Robots shaped the wires used on the braces for my 11-year-old son, Jake, and 3D imaging captured the necessary data for the digital model. According to the Web site for this technology, the job can’t be done by hand. I’ve known for some time that robots touch our everyday lives, but this is the most personal example I’ve ever had.
Jake has been walking around with a pretty mellow attitude since getting his braces. He isn’t moping, but he isn’t the same. He got the upper wires on Friday, April 27, and gets the lower ones this coming Friday. The good thing is that he won’t wear these braces as long as he would traditional ones, and the technique eliminates uncomfortable adjustments. He should be done several months faster than the “old fashioned” way, with no tightening of the wires and no rubber bands. He may not realize it, but he’s very lucky, don’t you think?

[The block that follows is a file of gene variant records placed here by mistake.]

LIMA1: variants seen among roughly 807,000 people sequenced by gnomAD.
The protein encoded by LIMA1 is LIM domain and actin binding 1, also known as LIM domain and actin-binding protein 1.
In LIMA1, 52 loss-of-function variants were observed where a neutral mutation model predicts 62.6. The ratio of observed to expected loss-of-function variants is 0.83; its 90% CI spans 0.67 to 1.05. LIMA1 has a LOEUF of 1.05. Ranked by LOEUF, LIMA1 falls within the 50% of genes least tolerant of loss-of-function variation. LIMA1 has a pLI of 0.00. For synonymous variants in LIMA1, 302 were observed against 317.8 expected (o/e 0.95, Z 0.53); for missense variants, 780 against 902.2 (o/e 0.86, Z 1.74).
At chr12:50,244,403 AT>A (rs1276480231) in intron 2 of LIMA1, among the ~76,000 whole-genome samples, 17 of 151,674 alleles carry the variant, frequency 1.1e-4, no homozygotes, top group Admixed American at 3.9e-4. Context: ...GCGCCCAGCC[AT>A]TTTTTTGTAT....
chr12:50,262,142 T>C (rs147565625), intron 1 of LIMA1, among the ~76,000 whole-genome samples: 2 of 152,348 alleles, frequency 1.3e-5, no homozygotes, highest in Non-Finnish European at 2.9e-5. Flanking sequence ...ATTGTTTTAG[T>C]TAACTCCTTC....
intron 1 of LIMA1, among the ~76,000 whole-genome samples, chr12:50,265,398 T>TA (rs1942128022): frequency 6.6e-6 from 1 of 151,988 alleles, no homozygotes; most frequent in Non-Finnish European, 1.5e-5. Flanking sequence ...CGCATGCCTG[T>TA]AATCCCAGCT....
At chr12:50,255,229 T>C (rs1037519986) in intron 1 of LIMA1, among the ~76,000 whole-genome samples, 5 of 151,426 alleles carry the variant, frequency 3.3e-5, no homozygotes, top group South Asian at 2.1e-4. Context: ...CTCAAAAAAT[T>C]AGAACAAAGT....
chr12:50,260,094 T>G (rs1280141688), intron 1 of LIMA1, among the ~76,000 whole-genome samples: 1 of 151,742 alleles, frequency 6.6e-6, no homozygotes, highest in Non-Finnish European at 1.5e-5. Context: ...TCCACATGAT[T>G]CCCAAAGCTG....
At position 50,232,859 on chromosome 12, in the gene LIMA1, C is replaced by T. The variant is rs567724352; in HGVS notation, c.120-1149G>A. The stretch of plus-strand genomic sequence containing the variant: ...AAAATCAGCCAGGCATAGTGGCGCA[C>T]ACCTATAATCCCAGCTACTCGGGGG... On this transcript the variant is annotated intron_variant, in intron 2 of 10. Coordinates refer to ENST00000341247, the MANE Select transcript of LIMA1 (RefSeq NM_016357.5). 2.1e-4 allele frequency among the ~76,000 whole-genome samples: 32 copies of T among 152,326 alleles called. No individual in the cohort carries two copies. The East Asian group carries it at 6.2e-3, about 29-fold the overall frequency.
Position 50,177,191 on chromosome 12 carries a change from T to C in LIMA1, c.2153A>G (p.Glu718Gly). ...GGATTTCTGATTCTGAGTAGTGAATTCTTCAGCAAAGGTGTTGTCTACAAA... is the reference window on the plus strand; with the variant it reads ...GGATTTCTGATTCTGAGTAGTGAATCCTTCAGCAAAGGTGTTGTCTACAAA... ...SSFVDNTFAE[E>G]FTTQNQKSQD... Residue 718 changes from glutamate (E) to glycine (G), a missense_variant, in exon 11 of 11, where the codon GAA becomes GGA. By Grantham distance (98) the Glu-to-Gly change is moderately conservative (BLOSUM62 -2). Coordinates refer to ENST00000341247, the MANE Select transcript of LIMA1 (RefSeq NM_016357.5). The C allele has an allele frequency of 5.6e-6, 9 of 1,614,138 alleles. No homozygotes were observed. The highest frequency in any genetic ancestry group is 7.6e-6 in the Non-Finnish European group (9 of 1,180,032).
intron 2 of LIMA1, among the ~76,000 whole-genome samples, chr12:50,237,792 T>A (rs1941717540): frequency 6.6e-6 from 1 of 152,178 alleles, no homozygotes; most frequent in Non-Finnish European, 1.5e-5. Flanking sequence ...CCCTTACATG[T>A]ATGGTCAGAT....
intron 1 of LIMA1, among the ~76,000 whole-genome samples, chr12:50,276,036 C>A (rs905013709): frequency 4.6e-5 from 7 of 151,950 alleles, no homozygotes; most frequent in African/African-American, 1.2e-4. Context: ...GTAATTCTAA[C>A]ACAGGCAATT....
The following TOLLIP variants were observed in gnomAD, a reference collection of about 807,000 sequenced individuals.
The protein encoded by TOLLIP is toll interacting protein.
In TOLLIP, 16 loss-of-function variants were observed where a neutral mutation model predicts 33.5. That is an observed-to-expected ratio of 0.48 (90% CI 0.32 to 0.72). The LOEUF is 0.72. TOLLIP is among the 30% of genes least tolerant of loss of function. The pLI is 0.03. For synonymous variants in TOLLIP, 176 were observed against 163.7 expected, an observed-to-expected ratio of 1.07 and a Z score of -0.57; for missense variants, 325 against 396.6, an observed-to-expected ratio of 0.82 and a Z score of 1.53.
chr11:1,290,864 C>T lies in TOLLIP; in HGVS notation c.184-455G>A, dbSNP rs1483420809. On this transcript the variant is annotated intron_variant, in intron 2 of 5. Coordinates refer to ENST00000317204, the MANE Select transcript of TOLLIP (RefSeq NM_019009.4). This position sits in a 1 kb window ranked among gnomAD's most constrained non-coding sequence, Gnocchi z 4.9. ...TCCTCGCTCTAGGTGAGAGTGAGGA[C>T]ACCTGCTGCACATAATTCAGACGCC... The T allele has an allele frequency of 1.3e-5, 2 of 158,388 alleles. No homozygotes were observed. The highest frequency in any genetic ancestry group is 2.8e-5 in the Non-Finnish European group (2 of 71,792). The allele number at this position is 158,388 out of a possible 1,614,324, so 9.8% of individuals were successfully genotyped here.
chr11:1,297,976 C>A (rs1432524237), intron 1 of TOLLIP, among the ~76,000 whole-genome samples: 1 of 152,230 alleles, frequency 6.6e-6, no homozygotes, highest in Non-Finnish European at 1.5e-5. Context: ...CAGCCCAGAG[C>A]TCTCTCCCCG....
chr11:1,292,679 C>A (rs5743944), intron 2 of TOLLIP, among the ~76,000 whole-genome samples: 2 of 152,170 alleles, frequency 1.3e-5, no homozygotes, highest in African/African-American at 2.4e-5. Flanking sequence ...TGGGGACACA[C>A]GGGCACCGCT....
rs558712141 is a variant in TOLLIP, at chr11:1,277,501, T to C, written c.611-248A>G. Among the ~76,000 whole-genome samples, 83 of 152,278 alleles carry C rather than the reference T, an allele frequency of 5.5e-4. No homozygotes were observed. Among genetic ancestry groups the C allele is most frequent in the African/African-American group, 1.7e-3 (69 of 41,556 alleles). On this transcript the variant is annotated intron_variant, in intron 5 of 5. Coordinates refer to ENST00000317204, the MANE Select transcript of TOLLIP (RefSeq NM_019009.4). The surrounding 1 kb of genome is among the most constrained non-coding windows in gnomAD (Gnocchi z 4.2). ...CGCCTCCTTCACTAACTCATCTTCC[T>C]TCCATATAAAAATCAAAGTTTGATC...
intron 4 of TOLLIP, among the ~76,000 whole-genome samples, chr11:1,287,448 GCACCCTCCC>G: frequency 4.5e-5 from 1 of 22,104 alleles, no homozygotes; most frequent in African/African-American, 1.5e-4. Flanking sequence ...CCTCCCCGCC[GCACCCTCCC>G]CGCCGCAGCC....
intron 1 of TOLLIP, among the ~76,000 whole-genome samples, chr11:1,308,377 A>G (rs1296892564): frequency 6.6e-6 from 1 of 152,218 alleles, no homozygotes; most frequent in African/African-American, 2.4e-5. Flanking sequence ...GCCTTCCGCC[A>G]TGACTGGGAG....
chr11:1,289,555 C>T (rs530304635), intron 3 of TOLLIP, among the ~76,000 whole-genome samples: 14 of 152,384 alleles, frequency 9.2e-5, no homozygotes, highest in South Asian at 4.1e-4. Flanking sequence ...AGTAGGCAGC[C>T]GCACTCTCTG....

According to the Web site for SureSmile (http://www.suresmile.com), they use “memory wires” that the robot bends using very high heat. When the braces are placed on the teeth, body temperature activates the metal which then wants to return to the shape (i.e. prescription) designed by the robot.
I can’t tell whose robot or imaging technology is part of the process, but they say the process couldn’t be done by hand due to the extreme temperatures and digital modeling required. Let me know if you have information that sheds more light on the robots and imaging used for SureSmile braces.
–– posted April 29, 2007, by Brian Huse, RIA (firstname.lastname@example.org).